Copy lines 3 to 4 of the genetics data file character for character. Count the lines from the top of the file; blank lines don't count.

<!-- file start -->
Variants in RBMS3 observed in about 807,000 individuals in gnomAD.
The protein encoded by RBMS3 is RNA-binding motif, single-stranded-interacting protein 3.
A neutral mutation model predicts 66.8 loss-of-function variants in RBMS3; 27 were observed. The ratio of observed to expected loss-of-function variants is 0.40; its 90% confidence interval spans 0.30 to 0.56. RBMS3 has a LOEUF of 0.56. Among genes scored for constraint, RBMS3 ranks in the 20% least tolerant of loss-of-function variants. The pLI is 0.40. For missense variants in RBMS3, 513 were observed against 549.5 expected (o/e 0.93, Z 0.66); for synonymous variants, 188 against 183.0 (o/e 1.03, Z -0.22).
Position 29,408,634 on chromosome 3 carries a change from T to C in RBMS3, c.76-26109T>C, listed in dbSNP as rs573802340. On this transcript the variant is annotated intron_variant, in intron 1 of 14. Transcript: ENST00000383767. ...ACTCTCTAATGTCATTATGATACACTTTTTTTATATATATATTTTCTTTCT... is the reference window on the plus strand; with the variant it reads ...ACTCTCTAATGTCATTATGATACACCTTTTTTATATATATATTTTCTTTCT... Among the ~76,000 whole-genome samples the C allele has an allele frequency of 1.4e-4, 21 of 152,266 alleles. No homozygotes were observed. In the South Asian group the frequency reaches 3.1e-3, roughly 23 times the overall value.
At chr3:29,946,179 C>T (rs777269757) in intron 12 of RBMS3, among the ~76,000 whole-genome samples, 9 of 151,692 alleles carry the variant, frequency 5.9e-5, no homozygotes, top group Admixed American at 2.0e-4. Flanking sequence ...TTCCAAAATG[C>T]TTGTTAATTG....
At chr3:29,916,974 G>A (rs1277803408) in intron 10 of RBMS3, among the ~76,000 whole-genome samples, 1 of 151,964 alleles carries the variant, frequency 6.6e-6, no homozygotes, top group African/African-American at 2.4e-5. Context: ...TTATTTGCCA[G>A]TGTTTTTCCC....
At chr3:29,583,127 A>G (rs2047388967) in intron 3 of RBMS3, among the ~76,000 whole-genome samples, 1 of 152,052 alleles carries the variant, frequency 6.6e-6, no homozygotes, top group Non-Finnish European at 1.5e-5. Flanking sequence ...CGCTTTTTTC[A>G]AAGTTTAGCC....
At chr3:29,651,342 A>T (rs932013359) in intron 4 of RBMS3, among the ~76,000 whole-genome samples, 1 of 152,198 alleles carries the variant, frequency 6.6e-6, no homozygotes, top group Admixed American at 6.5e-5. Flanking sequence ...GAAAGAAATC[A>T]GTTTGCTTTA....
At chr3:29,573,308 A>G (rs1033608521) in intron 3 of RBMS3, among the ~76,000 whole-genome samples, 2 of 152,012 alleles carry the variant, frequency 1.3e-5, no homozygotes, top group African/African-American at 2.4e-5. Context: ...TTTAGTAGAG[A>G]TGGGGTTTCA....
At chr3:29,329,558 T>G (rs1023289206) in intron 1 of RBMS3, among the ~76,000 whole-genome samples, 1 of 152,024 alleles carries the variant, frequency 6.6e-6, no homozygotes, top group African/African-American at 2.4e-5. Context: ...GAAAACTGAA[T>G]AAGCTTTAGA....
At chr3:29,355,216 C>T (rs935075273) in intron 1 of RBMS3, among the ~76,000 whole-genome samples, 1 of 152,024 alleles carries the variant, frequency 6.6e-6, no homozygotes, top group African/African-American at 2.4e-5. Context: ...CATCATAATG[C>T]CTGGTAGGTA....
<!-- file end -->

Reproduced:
A neutral mutation model predicts 66.8 loss-of-function variants in RBMS3; 27 were observed. The ratio of observed to expected loss-of-function variants is 0.40; its 90% confidence interval spans 0.30 to 0.56. RBMS3 has a LOEUF of 0.56. Among genes scored for constraint, RBMS3 ranks in the 20% least tolerant of loss-of-function variants. The pLI is 0.40. For missense variants in RBMS3, 513 were observed against 549.5 expected (o/e 0.93, Z 0.66); for synonymous variants, 188 against 183.0 (o/e 1.03, Z -0.22).
Position 29,408,634 on chromosome 3 carries a change from T to C in RBMS3, c.76-26109T>C, listed in dbSNP as rs573802340. On this transcript the variant is annotated intron_variant, in intron 1 of 14. Transcript: ENST00000383767. ...ACTCTCTAATGTCATTATGATACACTTTTTTTATATATATATTTTCTTTCT... is the reference window on the plus strand; with the variant it reads ...ACTCTCTAATGTCATTATGATACACCTTTTTTATATATATATTTTCTTTCT... Among the ~76,000 whole-genome samples the C allele has an allele frequency of 1.4e-4, 21 of 152,266 alleles. No homozygotes were observed. In the South Asian group the frequency reaches 3.1e-3, roughly 23 times the overall value.